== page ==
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In a time before bonds, treasury notes, or central banks, there were tontines. These were schemes in which a group of investors lent money to a government, corporation, or king, similar to a modern-day loan syndicate. But unlike conventional debt, periodic interest payments were distributed only to survivors. As tontine nominees died, the income of survivors correspondingly increased. Morbid, perhaps, but this was one of the earliest forms of longevity insurance in which the pool shared the risk. Moshe Milevsky tells the story of the first tontine issued by the English government in 1693, known as King William's tontine, intended to finance the war against French King Louis XIV. He explains how tontines work, the financial and economic thinking behind them, as well as why they fell into disrepute. Milevsky concludes with a provocative argument that suitably modified tontines should be resurrected for twenty-first century retirement income planning.Read more
- Offers a recommendation for how life annuities can be redesigned to be more transparent, more efficient and more popular
- Tells the story of an intriguing financial product called a tontine, which was quite popular a few centuries ago in England and Europe
- Combines economic history, actuarial science and finance in a readable manner
- Winner, 2017 Kulp-Wright Book Award, American Risk and Insurance Association
Reviews & endorsements
"King William's Tontine entertains and, by asking why retirees should not be paid handsomely for bearing a little actuarial risk, informs our response to the looming retirement crisis in a way that no other book does. It should be read - with pleasure - by anyone with a personal or policy interest in this vital area."
William J. Bernstein, CFA Institute Book ReviewsSee more reviews
"King William's Tontine is an excellent read and a model for the clear exposition of a difficult and little-known subject. Financial history buffs will particularly enjoy the first half of the book, and economists interested in retirement finance will want to engage with the chapters in which the author presents his own proposal. This is a book that should grace the shelves of many libraries. Its proposals are definitely worthy of serious consideration by anyone or any institution concerned with retirement finance."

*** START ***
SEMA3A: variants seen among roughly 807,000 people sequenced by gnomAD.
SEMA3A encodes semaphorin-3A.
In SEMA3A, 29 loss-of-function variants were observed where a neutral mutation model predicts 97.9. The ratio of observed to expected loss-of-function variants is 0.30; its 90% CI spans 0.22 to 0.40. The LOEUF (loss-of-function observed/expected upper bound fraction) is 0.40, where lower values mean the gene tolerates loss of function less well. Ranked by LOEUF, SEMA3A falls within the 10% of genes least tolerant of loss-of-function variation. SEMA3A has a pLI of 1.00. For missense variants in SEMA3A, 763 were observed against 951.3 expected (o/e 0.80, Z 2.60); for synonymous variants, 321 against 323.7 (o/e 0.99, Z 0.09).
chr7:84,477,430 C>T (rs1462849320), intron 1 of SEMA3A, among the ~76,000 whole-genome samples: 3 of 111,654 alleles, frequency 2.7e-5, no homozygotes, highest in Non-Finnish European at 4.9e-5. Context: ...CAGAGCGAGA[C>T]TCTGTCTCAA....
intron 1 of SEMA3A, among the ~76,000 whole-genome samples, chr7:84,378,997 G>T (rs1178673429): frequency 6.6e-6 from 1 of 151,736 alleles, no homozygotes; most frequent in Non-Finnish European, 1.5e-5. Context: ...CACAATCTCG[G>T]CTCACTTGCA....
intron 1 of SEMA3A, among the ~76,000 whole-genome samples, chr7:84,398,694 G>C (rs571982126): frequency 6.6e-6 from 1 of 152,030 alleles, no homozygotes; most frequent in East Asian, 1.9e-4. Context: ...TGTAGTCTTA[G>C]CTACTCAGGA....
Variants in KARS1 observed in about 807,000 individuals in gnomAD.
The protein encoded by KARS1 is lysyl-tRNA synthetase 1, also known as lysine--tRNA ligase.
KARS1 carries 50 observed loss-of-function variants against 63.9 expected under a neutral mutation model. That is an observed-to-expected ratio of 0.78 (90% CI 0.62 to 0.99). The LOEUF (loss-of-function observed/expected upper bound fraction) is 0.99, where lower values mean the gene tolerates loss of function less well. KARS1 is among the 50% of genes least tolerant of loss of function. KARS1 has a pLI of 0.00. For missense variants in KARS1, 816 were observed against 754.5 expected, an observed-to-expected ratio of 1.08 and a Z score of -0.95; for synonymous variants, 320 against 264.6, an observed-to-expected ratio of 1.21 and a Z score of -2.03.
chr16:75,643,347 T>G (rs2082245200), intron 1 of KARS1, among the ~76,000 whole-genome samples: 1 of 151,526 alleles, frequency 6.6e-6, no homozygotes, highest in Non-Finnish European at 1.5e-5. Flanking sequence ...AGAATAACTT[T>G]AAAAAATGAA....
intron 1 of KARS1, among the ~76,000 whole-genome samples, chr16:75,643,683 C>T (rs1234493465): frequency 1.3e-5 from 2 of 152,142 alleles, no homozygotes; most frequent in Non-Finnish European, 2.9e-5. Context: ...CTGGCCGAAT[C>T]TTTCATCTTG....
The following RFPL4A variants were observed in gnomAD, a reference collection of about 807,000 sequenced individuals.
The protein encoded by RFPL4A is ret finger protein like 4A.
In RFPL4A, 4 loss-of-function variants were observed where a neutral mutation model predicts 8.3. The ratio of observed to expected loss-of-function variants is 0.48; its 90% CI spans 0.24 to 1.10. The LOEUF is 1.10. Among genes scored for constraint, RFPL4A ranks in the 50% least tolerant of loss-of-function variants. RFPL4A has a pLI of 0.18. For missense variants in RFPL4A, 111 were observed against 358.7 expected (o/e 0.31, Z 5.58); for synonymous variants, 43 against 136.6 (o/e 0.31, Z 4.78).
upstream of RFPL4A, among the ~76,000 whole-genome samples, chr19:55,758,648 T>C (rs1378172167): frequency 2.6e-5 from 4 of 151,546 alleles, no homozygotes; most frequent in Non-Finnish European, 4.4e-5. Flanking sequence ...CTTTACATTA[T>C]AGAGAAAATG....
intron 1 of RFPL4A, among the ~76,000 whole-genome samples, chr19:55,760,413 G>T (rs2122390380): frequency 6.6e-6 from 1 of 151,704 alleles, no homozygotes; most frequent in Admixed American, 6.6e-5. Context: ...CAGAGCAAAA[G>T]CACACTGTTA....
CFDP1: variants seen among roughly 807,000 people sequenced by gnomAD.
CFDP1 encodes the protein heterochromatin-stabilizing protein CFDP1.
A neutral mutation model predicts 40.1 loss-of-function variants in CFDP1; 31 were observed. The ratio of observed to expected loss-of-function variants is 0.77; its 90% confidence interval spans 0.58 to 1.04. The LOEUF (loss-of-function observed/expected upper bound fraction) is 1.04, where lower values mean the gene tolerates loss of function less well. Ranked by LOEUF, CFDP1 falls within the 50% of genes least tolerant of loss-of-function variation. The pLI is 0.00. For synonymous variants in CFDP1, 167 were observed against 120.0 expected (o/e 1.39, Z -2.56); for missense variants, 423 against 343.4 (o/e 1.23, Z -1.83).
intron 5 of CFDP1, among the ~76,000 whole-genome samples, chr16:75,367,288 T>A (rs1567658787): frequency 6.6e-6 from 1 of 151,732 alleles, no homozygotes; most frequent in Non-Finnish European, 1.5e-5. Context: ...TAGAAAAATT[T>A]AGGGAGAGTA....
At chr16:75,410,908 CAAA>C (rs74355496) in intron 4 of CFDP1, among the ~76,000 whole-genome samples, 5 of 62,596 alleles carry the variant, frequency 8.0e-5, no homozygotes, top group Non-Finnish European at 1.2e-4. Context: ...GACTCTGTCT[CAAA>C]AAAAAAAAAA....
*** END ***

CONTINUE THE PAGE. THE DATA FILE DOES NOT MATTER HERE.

The Journal of Retirement
'This is a fascinating book. Perhaps a good sub-title would be 'Everything you wanted to know about tontines but were afraid to ask' … A well-written and well-paced read, I recommend it.' David Pollard, Trust Law International
'… clearly and patiently explained …' Richard Sutch, The Journal of Economic History
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- Date Published: April 2015
- format: Hardback
- isbn: 9781107076129
- length: 274 pages
- dimensions: 231 x 152 x 20 mm
- weight: 0.5kg
- contains: 15 b/w illus.
- availability: Available
Table of Contents
1. King Billy, Protestant hero of England
2. Tontine's economic origins: cheaper debt
3. A most curious Will(iam) and older than you think
4. The million act to fight a war against France
5. Don't Englishmen die? Anti-selection vs fraud
6. Is your tontine a stock or a bond?
7. Optimal tontine: hedging (some) longevity risk
8. Conclusion: tontines for the twenty-first century.
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